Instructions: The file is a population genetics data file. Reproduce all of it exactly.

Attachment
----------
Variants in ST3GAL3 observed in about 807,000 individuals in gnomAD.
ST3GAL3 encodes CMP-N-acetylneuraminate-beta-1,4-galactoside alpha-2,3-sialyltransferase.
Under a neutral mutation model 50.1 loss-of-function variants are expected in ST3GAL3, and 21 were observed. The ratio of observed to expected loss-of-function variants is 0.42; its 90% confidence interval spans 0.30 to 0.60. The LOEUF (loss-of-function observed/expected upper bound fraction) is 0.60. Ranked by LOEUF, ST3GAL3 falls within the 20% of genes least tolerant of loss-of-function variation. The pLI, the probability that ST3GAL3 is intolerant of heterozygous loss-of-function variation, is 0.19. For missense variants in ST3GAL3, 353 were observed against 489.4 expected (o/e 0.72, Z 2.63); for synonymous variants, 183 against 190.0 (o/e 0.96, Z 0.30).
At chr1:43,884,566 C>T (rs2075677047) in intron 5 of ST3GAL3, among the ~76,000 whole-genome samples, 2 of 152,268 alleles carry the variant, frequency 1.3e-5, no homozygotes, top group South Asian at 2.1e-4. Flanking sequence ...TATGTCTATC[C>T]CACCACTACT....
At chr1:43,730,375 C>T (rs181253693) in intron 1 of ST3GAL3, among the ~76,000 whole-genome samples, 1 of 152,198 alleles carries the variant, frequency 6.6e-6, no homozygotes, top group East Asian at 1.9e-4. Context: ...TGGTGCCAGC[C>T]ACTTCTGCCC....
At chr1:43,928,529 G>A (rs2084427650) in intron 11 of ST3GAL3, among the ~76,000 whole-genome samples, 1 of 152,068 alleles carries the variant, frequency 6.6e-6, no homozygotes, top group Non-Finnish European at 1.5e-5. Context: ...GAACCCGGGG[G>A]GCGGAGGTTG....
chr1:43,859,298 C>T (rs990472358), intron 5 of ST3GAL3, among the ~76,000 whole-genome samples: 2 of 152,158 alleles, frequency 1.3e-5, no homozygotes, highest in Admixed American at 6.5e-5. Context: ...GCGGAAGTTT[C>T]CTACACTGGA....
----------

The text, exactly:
Variants in ST3GAL3 observed in about 807,000 individuals in gnomAD.
ST3GAL3 encodes CMP-N-acetylneuraminate-beta-1,4-galactoside alpha-2,3-sialyltransferase.
Under a neutral mutation model 50.1 loss-of-function variants are expected in ST3GAL3, and 21 were observed. The ratio of observed to expected loss-of-function variants is 0.42; its 90% confidence interval spans 0.30 to 0.60. The LOEUF (loss-of-function observed/expected upper bound fraction) is 0.60. Ranked by LOEUF, ST3GAL3 falls within the 20% of genes least tolerant of loss-of-function variation. The pLI, the probability that ST3GAL3 is intolerant of heterozygous loss-of-function variation, is 0.19. For missense variants in ST3GAL3, 353 were observed against 489.4 expected (o/e 0.72, Z 2.63); for synonymous variants, 183 against 190.0 (o/e 0.96, Z 0.30).
At chr1:43,884,566 C>T (rs2075677047) in intron 5 of ST3GAL3, among the ~76,000 whole-genome samples, 2 of 152,268 alleles carry the variant, frequency 1.3e-5, no homozygotes, top group South Asian at 2.1e-4. Flanking sequence ...TATGTCTATC[C>T]CACCACTACT....
At chr1:43,730,375 C>T (rs181253693) in intron 1 of ST3GAL3, among the ~76,000 whole-genome samples, 1 of 152,198 alleles carries the variant, frequency 6.6e-6, no homozygotes, top group East Asian at 1.9e-4. Context: ...TGGTGCCAGC[C>T]ACTTCTGCCC....
At chr1:43,928,529 G>A (rs2084427650) in intron 11 of ST3GAL3, among the ~76,000 whole-genome samples, 1 of 152,068 alleles carries the variant, frequency 6.6e-6, no homozygotes, top group Non-Finnish European at 1.5e-5. Context: ...GAACCCGGGG[G>A]GCGGAGGTTG....
chr1:43,859,298 C>T (rs990472358), intron 5 of ST3GAL3, among the ~76,000 whole-genome samples: 2 of 152,158 alleles, frequency 1.3e-5, no homozygotes, highest in Admixed American at 6.5e-5. Context: ...GCGGAAGTTT[C>T]CTACACTGGA....